Depending on the hardware you run it on, Virtual SAN can deliver surprisingly high levels of performance. It’s a real eye-opener. Critical data paths are optimized, and there’s no need to run IOs through an external array’s controller.
All-flash Virtual SAN can deliver stupendous performance very cost-effectively. Performance scales linearly as more servers are added to the cluster. Individual servers can support multiple disk groups, each of which adds to Virtual SAN’s performance. More hardware = more capacity and more speed. Virtual SAN can also optimize all flash capacity usage using deduplication and compression, with very minimal impact on performance.
Better yet, as server hardware gets faster and cheaper, Virtual SAN gets faster and cheaper as well – a major win for the customer!
6. Virtual SAN can have very attractive economics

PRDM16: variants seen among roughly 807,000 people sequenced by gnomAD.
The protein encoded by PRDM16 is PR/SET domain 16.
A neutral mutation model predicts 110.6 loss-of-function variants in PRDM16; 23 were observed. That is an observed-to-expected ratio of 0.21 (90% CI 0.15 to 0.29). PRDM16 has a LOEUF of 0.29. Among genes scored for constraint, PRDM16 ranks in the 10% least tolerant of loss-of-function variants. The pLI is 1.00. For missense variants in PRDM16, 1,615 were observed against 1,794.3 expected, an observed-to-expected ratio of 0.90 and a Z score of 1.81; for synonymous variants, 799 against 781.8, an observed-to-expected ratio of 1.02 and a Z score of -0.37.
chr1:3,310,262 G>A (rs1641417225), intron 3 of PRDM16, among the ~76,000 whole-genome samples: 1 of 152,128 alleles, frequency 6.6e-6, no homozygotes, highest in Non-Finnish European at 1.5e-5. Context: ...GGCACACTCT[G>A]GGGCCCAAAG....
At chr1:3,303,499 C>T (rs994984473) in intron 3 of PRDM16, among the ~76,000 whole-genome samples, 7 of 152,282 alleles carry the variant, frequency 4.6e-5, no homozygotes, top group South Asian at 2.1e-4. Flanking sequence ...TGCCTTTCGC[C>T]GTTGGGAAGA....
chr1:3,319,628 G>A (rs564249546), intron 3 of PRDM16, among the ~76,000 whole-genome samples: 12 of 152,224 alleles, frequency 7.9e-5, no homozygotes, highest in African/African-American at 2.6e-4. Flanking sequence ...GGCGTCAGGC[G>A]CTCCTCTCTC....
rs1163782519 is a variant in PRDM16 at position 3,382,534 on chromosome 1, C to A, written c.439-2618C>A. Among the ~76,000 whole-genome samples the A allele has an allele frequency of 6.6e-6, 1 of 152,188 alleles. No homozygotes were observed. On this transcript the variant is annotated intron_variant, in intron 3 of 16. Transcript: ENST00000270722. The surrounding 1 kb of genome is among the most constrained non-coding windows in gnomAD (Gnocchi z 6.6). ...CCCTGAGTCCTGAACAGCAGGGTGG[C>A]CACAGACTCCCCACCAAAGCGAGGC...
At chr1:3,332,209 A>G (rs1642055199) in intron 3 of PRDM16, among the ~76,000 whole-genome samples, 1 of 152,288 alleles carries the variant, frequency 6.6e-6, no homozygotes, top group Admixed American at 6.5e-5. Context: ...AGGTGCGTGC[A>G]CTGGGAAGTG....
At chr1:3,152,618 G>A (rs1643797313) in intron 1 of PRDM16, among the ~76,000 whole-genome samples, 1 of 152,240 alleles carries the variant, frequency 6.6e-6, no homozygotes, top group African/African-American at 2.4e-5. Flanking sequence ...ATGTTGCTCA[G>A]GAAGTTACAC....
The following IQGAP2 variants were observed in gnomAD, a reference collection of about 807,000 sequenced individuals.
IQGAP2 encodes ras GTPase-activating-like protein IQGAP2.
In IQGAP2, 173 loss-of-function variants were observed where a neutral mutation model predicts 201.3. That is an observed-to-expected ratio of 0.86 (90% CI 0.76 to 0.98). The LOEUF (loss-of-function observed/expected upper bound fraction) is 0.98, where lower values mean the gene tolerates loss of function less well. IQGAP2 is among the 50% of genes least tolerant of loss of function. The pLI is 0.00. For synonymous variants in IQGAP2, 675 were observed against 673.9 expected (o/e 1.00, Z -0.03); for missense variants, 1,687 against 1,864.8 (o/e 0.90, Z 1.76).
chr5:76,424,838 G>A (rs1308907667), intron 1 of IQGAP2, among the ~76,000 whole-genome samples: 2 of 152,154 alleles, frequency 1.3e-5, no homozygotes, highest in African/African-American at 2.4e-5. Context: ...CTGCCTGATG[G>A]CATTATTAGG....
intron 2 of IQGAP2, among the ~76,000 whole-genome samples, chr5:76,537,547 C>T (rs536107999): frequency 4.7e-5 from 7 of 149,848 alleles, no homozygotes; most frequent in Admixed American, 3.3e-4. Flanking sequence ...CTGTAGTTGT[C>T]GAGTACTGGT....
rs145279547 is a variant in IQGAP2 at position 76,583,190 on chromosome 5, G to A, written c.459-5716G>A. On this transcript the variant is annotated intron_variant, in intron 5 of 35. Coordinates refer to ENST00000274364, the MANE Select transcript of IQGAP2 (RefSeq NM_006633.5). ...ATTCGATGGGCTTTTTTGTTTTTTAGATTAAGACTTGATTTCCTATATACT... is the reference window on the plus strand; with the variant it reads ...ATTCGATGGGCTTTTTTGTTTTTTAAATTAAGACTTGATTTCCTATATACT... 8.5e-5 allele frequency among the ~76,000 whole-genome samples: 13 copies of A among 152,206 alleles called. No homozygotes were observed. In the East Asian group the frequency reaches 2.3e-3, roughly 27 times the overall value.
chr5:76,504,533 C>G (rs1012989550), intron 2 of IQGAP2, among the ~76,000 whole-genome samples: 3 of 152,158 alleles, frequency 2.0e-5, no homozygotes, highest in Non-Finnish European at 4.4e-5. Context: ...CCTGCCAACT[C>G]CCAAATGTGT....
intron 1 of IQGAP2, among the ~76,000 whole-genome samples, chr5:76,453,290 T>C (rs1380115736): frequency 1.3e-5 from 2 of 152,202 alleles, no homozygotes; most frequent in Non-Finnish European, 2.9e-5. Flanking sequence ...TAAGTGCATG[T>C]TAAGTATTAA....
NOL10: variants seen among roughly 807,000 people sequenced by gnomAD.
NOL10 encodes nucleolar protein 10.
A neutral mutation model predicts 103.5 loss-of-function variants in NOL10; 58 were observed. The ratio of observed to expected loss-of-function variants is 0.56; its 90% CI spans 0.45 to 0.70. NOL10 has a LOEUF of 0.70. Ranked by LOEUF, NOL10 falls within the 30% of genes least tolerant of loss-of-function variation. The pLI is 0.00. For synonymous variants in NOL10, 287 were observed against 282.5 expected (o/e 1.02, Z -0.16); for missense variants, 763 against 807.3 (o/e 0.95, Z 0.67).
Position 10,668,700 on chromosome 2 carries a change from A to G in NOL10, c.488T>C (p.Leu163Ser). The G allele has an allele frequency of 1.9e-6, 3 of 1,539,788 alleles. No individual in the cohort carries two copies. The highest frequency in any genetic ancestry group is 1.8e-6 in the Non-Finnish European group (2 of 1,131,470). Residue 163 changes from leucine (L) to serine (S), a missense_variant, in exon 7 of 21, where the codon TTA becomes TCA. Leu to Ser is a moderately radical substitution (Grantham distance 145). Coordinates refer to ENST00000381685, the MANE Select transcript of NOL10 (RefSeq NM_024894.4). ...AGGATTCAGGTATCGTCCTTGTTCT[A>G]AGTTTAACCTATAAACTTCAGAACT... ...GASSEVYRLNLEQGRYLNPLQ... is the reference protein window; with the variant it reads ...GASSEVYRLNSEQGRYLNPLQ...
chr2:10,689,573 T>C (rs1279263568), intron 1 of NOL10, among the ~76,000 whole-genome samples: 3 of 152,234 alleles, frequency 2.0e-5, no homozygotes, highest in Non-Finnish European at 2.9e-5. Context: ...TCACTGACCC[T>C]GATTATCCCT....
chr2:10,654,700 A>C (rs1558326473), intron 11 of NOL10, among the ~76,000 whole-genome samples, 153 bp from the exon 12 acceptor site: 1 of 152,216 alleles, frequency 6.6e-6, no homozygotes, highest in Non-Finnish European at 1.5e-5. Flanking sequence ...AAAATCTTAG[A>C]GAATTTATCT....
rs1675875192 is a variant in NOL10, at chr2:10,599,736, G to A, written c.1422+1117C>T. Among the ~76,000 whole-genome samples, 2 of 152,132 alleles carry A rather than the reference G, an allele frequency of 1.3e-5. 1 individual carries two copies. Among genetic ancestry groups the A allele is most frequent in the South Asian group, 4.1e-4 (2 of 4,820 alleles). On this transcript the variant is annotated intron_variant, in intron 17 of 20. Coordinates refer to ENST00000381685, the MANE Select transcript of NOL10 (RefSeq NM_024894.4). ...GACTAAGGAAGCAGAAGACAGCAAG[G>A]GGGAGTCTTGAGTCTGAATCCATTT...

Because Virtual SAN runs on standard server hardware, components are very cost-effective to acquire. Be sure to check the VSAN vSphere Compatibility Guide though!
Virtual SAN isn’t priced based on capacity as is the case with most external storage arrays. The more storage you put behind your cluster, the more cost-effective Virtual SAN can be. Add the new space efficiency features into the equation and you’ll get the best bang for your buck for all your vSphere storage needs.
7. Virtual SAN is incredibly robust
Almost every time someone tests Virtual SAN, they give the availability features a thorough workout. They fail drives, controllers, servers, networks — the works! That’s great — but they discover what we already knew — Virtual SAN has a very resilient design. See Virtual SAN Performance Testing Done by StorageReview.com